Against Seriousness: On Avoiding Closed-Mindedness

One of Harvard’s most famous professors to ever live was William James. Having studied medicine and biology, he was first appointed as an instructor in physiology. From there, he went on to teach anatomy, before…

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Everything You Do Can Be Explained by Two Things

In 600 BC, King Ayattes of the ancient Kingdom of Lydia — or what we today know as modern-day Turkey — minted the first official currency. This coin, an imperfectly molded circle, featured a roaring lion. Before that, it…

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The Danger and the Delusion of Empathy

The word empathy comes from the Greek word empatheia. In ancient Greek, the core connotation associated with the word was passion, not unlike the English definition. In modern Greek, however, the translation is closer to…

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Is Technology Harming Us or Liberating Us?

One of the possible definitions for the word Prometheus is forethought — to look ahead, to imagine. And if we are liberal with this definition, then, perhaps, it’s also about taking what’s in that imagination and bringing…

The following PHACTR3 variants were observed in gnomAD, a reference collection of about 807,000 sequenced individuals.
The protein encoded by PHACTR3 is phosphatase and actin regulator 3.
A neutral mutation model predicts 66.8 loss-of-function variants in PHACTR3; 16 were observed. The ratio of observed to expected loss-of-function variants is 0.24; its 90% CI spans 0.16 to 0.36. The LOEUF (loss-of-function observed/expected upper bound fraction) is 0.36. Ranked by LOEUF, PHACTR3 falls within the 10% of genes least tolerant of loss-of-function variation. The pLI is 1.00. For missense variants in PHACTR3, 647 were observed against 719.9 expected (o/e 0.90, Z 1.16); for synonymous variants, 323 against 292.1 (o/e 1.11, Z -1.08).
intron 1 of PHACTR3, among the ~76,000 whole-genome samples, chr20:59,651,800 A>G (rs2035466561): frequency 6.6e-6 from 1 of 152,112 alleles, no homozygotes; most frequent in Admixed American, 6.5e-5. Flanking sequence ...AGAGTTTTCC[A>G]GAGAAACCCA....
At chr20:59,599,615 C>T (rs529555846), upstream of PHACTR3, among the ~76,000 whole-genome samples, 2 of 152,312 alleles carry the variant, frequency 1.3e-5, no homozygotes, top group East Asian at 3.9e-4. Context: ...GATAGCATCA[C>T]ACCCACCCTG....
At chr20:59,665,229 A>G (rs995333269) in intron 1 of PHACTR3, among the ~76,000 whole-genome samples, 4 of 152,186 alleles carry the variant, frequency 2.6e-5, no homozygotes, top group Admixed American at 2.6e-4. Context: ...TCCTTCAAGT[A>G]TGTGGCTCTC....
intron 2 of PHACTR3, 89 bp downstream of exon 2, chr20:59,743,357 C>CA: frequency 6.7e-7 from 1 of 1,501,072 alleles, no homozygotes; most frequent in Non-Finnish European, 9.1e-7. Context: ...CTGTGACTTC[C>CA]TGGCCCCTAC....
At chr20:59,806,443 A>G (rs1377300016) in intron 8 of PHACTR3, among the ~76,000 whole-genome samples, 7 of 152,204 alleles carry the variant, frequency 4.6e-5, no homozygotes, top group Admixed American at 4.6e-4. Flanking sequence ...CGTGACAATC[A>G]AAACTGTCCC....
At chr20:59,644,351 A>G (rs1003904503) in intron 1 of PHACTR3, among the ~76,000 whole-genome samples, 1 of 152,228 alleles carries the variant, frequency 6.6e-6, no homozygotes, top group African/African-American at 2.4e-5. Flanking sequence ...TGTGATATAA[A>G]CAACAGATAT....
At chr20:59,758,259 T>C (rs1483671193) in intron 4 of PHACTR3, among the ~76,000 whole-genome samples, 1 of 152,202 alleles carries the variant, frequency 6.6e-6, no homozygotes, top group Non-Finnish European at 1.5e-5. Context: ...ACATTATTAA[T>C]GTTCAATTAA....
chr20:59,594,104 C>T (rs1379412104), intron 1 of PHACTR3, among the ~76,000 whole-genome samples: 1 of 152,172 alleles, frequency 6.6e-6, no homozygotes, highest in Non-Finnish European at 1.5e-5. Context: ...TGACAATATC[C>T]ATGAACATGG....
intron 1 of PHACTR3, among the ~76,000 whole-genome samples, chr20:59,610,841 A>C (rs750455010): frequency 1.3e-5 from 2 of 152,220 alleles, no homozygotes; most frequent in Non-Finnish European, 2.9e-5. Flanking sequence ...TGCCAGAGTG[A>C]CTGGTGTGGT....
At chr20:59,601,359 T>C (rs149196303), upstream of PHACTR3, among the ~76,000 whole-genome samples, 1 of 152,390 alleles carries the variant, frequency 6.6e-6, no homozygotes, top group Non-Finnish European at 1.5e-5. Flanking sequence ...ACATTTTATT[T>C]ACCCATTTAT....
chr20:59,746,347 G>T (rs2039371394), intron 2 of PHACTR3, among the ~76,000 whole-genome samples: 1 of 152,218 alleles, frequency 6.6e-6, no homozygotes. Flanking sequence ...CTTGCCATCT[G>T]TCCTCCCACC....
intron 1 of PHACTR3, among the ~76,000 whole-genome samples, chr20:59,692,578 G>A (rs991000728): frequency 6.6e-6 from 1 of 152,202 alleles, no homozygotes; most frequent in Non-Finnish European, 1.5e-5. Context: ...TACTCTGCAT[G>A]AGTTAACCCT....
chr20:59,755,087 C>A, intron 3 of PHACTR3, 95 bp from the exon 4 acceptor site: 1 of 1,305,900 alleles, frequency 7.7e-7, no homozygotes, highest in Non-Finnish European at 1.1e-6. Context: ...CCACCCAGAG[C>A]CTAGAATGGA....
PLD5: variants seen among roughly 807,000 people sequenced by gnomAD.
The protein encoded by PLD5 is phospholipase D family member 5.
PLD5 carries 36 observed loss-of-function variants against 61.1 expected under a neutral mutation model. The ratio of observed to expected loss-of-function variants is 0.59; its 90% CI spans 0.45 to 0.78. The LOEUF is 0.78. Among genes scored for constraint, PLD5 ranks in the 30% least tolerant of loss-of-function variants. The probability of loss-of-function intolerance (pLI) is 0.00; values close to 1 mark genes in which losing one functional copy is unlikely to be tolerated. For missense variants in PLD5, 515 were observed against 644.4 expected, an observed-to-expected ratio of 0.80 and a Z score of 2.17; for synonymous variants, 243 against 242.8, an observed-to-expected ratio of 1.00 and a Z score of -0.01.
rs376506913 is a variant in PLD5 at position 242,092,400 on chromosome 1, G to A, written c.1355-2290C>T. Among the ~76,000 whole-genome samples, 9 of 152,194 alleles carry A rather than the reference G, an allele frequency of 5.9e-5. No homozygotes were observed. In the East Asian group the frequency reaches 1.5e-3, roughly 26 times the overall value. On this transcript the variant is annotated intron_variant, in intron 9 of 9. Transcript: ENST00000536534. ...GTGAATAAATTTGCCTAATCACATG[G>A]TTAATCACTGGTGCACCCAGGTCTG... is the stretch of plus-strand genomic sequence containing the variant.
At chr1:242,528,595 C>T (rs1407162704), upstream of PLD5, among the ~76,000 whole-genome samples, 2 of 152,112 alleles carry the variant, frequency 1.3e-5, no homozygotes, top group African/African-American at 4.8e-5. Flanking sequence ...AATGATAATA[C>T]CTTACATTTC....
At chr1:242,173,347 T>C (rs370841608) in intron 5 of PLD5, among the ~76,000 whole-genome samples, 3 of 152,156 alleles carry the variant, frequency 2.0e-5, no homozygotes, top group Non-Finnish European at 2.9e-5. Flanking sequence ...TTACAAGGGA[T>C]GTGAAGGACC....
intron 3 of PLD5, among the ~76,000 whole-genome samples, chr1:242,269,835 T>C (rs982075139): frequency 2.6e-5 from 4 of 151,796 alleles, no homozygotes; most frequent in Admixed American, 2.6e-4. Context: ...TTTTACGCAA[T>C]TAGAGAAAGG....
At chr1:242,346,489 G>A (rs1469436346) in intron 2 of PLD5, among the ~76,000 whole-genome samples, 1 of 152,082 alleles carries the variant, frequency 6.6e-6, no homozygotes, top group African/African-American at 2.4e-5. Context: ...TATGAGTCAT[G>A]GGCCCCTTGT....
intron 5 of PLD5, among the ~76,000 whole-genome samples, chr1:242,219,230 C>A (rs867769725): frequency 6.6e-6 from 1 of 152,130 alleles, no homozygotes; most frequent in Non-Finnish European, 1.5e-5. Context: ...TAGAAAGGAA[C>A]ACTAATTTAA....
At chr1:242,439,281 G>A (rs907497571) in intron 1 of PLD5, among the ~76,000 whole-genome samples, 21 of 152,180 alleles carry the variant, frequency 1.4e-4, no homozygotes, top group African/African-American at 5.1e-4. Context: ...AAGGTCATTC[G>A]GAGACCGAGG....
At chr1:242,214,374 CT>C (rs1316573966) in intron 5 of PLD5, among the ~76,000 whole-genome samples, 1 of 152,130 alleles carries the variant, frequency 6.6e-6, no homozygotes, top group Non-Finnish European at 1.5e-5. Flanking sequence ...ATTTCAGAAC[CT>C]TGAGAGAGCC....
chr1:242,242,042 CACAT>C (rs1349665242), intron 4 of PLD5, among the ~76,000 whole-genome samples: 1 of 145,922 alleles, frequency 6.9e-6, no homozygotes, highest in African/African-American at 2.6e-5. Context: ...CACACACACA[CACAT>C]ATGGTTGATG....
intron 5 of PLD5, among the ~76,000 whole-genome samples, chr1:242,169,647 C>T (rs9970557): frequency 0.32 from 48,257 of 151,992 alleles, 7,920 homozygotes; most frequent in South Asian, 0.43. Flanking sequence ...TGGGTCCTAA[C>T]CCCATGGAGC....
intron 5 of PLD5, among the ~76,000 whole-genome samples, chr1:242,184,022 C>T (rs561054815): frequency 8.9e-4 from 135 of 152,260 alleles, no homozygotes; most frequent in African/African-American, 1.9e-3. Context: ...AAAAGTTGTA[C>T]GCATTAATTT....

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Beyond Insecurity: The Right Kind of Ambition

Humans are driven to act by two primary sources of motivation: fear and desire. We avoid what is harmful, what is painful, what has the capacity to damage us. We strive for what is beneficial,…

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The Purpose of Life From a First Principle View

One of Albert Einstein’s great legacies is his Gedanken experiments (or thought experiments). He was a competent mathematician, of course, but more than that, his strength was in his ability to ask interesting and novel…

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The Element That Gives Life Meaning

“Put the world’s greatest philosopher on a plank that is wider than need be,” the late polymath Blaise Pascal wrote in his now-famous notebook Pensees, “if there is a precipice below, although his reason may…

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Meditation as Training

Nature has many secrets, but she also hides plenty in plain sight. Looked at a certain way, the wind is one. What it is, you may ask? A mass movement of air, mostly a combination…

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Target the Negative, Ignore the Positive

The great Russian writer Leo Tolstoy begins his masterpiece Anna Karenina with a simple observation he then illuminates throughout the novel: “All happy families are alike; each unhappy family is unhappy in its own way.”…

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Being Rich Without Making Money Your Life

“Consumers buy products whose advertising promises them value for money, beauty, nutrition, relief from suffering, social status and so on.” The idea is simple, the underlying message profound, and David Ogilvy built a marketing legacy…

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